Bruins vice president Cam Neely joined Dale & Holley from Vancouver Friday afternoon to talk Olympic hockey, the NHL and the state of the Bruins.
Neely said he does not think the two-week layoff for the Olympics
is a good thing for the NHL as a whole. “It doesn’t really promote the
NHL,” he said. “The individual players get recognition, obviously the
countries as a team get recognition, but it’s not so much for us.”
Neely also commented on the game’s international rules, chiefly those
against fighting: “I still like the intimidation factor of, ‘If
I do something, is this guy going to drop his gloves?’ I think it gives
you some checks and balances there.”
Neely discussed a potential USA-Canada rematch in Sunday’s Olympic
Though Neely thinks Canada has the more talented team on paper, the
play of U.S. goalie Ryan Miller has caught his eye. “Even though Canada
might have an advantage, I think, if they both play their best, that
goaltender is an unbelievable goaltender in [Ryan] Miller,” he said.
“If he plays like he has this whole tournament, he is going to be tough
Neely touched on the Bruins’ prospects as they come back from the
break, starting with a game at TD Garden against the Montreal Canadiens
Tuesday. Neely said that the Bruins need to get Tim Thomas back into
shape since he has sat behind Miller at the Olympics. He also said
that he has been surprised by the team’s lack of offensive punch this
season. “One thing that they are not doing that I thought they would be
doing is scoring more,” he said. “I’ve never seen a team that I’ve been
associated with that one year everybody has a really good year and the
next year most of those same players are having an off year at the same
Neely added that he saw the team turning things around in its
last four games before the break and that he expects big things from
David Krejci in the last few weeks. “Watching him here, he is playing
the way we thought he would play, and hopefully that carries over when
he comes back to Boston.”
A full transcript of the interview is below. To listen, click here.
You are in an interesting position. Who are you rooting for if it comes down to USA vs. Canada?
Well, the Canadian in me runs deep even though I was fortunate enough to become an American citizen, which I am very proud of. But the Canadian in me runs deep.
You see the physical commitment of these guys — and they aren’t getting paid — and you say, “Well that’s what hockey players are like.”
Right, but I think they are doing all right with the financial part though.
Well, they are all doing fine in real life.
Yeah, you are right. I did an interview out here and someone asked me about the difference between the NBA players in the Olympics and the NHL players in the Olympics and how they seemed more passionate. And my response was, “Well, you are talking about hockey players.”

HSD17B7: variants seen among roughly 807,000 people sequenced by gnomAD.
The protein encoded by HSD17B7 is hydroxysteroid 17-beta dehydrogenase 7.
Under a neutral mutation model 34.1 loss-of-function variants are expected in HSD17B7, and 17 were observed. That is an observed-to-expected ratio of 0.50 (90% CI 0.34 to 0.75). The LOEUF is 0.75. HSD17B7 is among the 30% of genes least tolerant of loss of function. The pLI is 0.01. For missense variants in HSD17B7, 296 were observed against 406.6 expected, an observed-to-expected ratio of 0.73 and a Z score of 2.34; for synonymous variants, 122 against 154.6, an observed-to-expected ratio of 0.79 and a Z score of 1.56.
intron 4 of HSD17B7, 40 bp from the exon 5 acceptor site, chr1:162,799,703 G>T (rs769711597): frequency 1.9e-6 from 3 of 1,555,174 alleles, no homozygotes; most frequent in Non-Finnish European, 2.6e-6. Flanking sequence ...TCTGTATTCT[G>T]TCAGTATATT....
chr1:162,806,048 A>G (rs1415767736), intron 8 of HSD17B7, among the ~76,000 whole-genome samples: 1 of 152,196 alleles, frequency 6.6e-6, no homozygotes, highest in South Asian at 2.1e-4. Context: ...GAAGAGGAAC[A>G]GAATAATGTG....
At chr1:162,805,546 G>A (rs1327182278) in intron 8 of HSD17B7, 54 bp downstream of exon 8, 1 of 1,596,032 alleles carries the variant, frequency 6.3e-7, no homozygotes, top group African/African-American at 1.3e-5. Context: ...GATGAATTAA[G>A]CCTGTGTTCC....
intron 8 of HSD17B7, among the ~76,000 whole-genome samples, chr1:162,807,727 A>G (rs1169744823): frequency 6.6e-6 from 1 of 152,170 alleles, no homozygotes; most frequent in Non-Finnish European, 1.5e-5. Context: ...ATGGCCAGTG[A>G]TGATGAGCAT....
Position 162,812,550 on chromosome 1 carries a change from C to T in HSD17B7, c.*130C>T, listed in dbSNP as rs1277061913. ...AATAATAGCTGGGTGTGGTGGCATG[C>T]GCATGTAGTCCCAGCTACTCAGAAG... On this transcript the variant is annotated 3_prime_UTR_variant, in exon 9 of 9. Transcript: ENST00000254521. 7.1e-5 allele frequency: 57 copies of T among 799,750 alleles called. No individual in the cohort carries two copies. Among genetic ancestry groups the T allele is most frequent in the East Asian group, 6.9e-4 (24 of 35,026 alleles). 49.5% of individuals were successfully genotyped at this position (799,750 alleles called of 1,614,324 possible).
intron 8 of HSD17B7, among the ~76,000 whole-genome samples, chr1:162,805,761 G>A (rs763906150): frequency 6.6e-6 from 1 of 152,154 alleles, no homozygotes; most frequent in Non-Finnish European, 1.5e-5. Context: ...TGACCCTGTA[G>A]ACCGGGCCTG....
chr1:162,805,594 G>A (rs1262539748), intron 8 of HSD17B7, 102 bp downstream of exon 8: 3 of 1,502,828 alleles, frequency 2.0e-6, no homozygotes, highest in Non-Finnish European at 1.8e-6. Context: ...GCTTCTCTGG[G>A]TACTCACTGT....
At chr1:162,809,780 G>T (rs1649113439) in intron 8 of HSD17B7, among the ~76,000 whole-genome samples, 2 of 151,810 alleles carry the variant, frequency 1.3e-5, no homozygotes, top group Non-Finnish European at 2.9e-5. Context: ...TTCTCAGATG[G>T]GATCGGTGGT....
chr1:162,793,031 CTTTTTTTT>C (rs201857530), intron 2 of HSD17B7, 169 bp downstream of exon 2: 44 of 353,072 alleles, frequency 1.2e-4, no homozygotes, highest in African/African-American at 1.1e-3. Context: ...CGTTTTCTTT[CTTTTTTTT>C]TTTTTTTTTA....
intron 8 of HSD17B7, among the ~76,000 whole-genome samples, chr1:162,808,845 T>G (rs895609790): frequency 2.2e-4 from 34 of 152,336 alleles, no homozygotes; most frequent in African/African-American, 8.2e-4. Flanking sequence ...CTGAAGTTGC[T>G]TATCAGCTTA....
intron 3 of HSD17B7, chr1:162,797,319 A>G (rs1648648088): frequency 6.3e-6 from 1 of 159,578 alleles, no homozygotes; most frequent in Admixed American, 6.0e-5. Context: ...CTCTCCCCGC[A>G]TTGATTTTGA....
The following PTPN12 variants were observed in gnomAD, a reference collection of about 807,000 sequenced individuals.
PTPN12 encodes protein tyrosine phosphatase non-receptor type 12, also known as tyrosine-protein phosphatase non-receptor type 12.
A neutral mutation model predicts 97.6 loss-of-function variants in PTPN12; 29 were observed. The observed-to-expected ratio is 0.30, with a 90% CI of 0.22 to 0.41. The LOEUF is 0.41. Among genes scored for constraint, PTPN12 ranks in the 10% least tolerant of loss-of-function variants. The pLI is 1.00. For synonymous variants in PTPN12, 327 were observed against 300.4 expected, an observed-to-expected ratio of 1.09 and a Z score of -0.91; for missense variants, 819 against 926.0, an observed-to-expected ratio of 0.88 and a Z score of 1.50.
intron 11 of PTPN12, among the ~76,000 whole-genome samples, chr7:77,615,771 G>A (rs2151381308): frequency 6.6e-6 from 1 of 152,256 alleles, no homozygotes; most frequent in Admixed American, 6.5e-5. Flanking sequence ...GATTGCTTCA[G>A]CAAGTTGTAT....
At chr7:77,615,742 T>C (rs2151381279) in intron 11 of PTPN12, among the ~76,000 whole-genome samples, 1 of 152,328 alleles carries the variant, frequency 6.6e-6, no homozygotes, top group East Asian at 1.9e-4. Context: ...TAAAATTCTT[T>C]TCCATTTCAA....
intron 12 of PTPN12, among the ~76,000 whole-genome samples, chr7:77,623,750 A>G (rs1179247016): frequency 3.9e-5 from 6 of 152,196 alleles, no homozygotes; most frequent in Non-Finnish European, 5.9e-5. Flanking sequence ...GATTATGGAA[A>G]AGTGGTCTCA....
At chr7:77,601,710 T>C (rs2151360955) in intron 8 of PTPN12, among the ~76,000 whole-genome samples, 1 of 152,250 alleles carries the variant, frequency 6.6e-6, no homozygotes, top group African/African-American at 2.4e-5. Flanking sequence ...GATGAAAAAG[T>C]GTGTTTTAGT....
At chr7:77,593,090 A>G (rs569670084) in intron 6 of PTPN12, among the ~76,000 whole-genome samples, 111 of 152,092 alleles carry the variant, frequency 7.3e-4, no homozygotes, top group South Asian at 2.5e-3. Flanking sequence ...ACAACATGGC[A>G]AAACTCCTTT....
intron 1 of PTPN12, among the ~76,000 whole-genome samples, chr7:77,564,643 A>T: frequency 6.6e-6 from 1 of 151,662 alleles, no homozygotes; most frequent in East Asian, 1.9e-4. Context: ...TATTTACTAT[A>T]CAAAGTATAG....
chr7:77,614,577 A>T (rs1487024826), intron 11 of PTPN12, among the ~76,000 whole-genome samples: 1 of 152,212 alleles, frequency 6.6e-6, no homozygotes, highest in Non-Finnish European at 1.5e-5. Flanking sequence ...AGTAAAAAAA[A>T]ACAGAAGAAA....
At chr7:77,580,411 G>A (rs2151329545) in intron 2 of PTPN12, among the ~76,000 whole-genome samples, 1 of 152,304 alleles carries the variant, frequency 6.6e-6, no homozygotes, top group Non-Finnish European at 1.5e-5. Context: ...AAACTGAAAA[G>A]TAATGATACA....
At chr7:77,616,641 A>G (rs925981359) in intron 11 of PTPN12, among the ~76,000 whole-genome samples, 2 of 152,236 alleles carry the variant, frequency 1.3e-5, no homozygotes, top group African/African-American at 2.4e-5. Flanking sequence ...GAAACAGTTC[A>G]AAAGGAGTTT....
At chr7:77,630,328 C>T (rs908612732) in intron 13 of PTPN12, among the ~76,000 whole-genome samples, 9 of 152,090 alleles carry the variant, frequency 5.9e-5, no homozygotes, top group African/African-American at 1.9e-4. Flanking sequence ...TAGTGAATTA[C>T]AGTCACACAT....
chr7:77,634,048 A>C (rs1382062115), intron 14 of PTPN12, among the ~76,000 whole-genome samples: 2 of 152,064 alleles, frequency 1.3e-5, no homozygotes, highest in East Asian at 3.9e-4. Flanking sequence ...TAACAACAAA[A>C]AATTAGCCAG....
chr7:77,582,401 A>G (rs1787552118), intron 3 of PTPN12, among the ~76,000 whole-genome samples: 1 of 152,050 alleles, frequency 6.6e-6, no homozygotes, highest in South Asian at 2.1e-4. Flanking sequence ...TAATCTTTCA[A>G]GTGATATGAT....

Do you think it is a good idea for the NHL to stop play for a couple of weeks and have players in the Olympics? Is this the best thing for the league?
For the league, I don’t think it is. Obviously as a former player I certainly would have loved an opportunity to play in the Olympics, but my real dream was to play in the NHL as it is with most North American players. Most North American players say, “Well, my dream is to play in the NHL.” As we’ve seen with the last few Olympics, they’ve had an opportunity to play in the Olympics, which is another great thing. But now being on the other side and seeing how your league shuts down for two weeks, especially in markets in the states where football is now done and you have an opportunity to get more exposure for your team in your market, I just don’t see how it is a benefit for the team or the league itself.
How about publicity?
Well, it doesn’t really promote the NHL, though. The individual players get recognition, obviously the countries as a team get recognition, but it’s not so much for us. I don’t think they can really quantify how this is beneficial to our game. Having said that, obviously in Canada here people are going to watch hockey anyway, and now even more so they are tuning in. And in the U.S. especially with the last game against Canada I know it was huge ratings. But once the Olympics are done, are all those people going to continue to watch NHL hockey?
Do you think that there will be a spike in the attendance numbers or ratings for the last six weeks of the NHL season because of this?
If I’m watching Slovakia, for instance, and we have [Zdeno] Chara on there, are people going to say, “I haven’t seen Chara yet, I’m going to go to a game”? You know what I mean by that? So, I’m not really sure. I certainly hope that would be the case. I hope that some maybe casual fans became bigger fans because of the Olympics, maybe some people who maybe weren’t even fans of hockey said, “Hey, this really is a great sport.” Become fans of the game and start going to hockey games or tuning in on TV. I hope that happens for sure.
Do you sit there watching the games holding your breath the whole time as an executive of the team?
That’s a big thing, Dale, you’re right. Obviously our best players are at the Olympics and you talk about, “Jeez, I hope they just get out of here healthy.” It would be awful for our team, it would be awful for our fans — not just us, but any team — if somebody goes down for two, three, four, five weeks because of something that happened at the Olympics. That’s the thing that all the GMs and owners worry about for sure.
Do you think international hockey — Olympic hockey — could survive in the NHL?
I think it would be difficult. Listen, I’m a big fan of our game and I’m a traditionalist at heart and I still like the intimidation factor of if I do something, is this guy going to drop his gloves? I think it gives you some checks and balances there. I think in the Olympics, in a short term like this, you are not going to have it. But if you talk over an 82-game schedule where guys don’t have to worry about some guy popping them, you are going to see an entirely different type of hockey and everyone and their grandmother all of a sudden is going to be a tough guy.